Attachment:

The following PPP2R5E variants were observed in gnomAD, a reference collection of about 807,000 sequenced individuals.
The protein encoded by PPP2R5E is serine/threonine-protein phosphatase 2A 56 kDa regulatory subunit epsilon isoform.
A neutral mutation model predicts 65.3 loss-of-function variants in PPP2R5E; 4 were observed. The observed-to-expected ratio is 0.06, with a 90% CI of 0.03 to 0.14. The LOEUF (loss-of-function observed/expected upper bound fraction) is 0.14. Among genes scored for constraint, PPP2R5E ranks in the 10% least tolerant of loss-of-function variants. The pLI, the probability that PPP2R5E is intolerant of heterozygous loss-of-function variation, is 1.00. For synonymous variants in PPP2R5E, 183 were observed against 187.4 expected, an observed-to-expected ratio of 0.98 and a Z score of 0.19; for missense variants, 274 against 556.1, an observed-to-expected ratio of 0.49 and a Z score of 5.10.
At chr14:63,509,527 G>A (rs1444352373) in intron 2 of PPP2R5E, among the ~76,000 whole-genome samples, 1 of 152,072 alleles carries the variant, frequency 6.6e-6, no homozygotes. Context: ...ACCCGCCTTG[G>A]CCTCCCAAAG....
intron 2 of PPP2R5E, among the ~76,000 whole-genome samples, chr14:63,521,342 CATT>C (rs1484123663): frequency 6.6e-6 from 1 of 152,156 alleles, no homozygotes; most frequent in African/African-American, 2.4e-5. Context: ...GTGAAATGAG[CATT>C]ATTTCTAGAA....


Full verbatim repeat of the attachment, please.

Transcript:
The following PPP2R5E variants were observed in gnomAD, a reference collection of about 807,000 sequenced individuals.
The protein encoded by PPP2R5E is serine/threonine-protein phosphatase 2A 56 kDa regulatory subunit epsilon isoform.
A neutral mutation model predicts 65.3 loss-of-function variants in PPP2R5E; 4 were observed. The observed-to-expected ratio is 0.06, with a 90% CI of 0.03 to 0.14. The LOEUF (loss-of-function observed/expected upper bound fraction) is 0.14. Among genes scored for constraint, PPP2R5E ranks in the 10% least tolerant of loss-of-function variants. The pLI, the probability that PPP2R5E is intolerant of heterozygous loss-of-function variation, is 1.00. For synonymous variants in PPP2R5E, 183 were observed against 187.4 expected, an observed-to-expected ratio of 0.98 and a Z score of 0.19; for missense variants, 274 against 556.1, an observed-to-expected ratio of 0.49 and a Z score of 5.10.
At chr14:63,509,527 G>A (rs1444352373) in intron 2 of PPP2R5E, among the ~76,000 whole-genome samples, 1 of 152,072 alleles carries the variant, frequency 6.6e-6, no homozygotes. Context: ...ACCCGCCTTG[G>A]CCTCCCAAAG....
intron 2 of PPP2R5E, among the ~76,000 whole-genome samples, chr14:63,521,342 CATT>C (rs1484123663): frequency 6.6e-6 from 1 of 152,156 alleles, no homozygotes; most frequent in African/African-American, 2.4e-5. Context: ...GTGAAATGAG[CATT>C]ATTTCTAGAA....